I was hanging out on the bus the other day with my buddy Warren Barfield. We were having a good old time, talking about everything from movies to music to how in the world do you maintain a Facebook page. A lot of times when musicians hang out, we talk about career stuff. Maybe it’s a musician thing – we have this innate uncertainty about the future. What if people decide to quit buying our records or coming to our shows? Or maybe it’s a human thing – maybe we’re all a little worried about the future.

As the conversation got more specific, one thing absolutely blew my mind. There was this total clarity that Warren and I had when talking about the other person. “Dude you should totally do this! It’s so obvious. Can’t you see it?” But each of us, when looking at our own situation, couldn’t really see it.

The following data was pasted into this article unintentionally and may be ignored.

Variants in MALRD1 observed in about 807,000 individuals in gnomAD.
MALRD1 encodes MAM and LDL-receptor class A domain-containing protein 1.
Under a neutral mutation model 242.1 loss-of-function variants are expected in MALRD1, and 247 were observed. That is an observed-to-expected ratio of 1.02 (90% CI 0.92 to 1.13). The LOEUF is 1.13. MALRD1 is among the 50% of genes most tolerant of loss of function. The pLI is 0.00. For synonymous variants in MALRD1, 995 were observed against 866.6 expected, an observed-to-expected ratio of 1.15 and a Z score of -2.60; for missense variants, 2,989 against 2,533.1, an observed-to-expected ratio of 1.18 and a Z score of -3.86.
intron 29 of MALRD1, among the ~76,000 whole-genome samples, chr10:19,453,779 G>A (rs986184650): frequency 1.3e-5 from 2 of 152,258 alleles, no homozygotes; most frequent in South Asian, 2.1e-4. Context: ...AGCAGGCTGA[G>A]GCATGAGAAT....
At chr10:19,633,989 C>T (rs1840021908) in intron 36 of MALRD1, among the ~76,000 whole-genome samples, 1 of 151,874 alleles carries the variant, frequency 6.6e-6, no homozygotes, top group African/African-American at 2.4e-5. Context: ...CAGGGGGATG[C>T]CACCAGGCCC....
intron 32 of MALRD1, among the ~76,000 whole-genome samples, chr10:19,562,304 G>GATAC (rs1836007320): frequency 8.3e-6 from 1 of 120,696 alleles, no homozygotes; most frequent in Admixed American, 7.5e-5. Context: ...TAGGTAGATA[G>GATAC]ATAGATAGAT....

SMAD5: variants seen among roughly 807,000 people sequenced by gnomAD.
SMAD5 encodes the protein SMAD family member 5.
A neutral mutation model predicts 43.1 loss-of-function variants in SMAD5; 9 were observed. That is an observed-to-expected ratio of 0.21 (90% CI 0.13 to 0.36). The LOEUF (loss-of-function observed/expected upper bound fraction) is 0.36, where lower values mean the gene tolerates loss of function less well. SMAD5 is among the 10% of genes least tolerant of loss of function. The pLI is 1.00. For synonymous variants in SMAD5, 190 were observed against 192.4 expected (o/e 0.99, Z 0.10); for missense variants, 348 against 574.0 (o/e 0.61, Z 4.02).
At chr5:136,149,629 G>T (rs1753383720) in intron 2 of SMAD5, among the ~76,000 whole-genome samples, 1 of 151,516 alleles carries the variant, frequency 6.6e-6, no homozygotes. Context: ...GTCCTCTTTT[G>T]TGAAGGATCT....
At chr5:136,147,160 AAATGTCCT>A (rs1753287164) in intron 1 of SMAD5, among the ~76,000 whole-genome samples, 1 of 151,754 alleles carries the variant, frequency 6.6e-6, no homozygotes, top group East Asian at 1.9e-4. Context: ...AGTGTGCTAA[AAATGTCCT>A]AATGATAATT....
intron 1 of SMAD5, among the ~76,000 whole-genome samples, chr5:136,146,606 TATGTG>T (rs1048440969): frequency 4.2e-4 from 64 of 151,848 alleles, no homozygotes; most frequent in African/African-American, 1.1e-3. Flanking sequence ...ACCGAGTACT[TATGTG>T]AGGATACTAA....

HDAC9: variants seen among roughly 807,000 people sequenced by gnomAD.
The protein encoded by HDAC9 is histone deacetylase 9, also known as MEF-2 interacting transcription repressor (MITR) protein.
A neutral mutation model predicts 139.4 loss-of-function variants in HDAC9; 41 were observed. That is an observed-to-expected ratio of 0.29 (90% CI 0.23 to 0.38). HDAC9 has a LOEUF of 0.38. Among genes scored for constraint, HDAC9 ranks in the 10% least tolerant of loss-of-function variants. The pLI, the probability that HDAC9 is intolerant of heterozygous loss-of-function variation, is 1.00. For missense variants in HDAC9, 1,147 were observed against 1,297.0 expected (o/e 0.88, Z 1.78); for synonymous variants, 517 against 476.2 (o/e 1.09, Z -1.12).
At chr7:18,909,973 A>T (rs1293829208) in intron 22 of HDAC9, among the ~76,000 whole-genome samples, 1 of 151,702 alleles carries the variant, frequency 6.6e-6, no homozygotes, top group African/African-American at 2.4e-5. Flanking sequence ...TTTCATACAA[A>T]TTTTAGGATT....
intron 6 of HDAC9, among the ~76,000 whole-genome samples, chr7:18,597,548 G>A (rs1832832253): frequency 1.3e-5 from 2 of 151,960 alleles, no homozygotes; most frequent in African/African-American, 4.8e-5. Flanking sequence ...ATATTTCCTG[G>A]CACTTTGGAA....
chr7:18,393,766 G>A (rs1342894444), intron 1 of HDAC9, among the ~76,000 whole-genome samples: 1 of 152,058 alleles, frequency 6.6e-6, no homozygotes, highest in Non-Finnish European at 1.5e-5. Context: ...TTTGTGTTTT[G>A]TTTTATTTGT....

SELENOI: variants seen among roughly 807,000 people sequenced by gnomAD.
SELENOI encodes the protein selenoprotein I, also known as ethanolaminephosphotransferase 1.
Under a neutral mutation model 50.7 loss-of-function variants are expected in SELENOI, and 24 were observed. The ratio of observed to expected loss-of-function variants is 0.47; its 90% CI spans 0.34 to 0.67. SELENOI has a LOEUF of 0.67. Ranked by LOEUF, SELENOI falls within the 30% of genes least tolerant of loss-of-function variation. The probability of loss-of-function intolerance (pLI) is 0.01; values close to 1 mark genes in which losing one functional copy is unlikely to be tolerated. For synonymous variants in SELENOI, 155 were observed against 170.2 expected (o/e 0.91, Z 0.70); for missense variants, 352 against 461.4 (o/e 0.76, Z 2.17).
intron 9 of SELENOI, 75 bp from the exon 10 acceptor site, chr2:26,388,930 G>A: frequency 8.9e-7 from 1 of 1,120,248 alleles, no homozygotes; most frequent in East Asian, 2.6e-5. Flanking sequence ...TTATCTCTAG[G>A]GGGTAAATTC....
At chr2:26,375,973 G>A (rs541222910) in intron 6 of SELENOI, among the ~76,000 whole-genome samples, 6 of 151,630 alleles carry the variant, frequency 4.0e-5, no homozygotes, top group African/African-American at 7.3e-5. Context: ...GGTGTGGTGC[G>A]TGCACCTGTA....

That’s the funniest thing about it. When you’re talking about somebody else, it’s so easy to see what they should do. When you’re talking about yourself? Not so much.

It seems that we humans have a built in blind spot, and I think God intended it to be that way. We can’t really see our lives with the objectivity that we need to make good decisions. We have to rely on other people to help up out. Maybe, just maybe, we need each other.

It seems that we’re wired for community. Might as well embrace it.

The easy, obvious way to go about this would be the bull in a china shop approach. Since other people have this built in blind spot, let me help them. I’ll just tell them what they ought to do. This is called meddling, and I don’t think I would recommend it.

But there’s another way to approach it that involves a lot of humility and a lot of what Brene Brown calls “leaning in.” It requires opening up to other people and letting them know that you don’t have it all figured out.

I’ve started asking this simple question lately: “What would you do?” I just come out and ask people what they would do if they were in my situation. It’s a little bit unsettling because it’s so out of the ordinary. Try it sometime. At the very least, it makes for interesting conversation.

What would you do?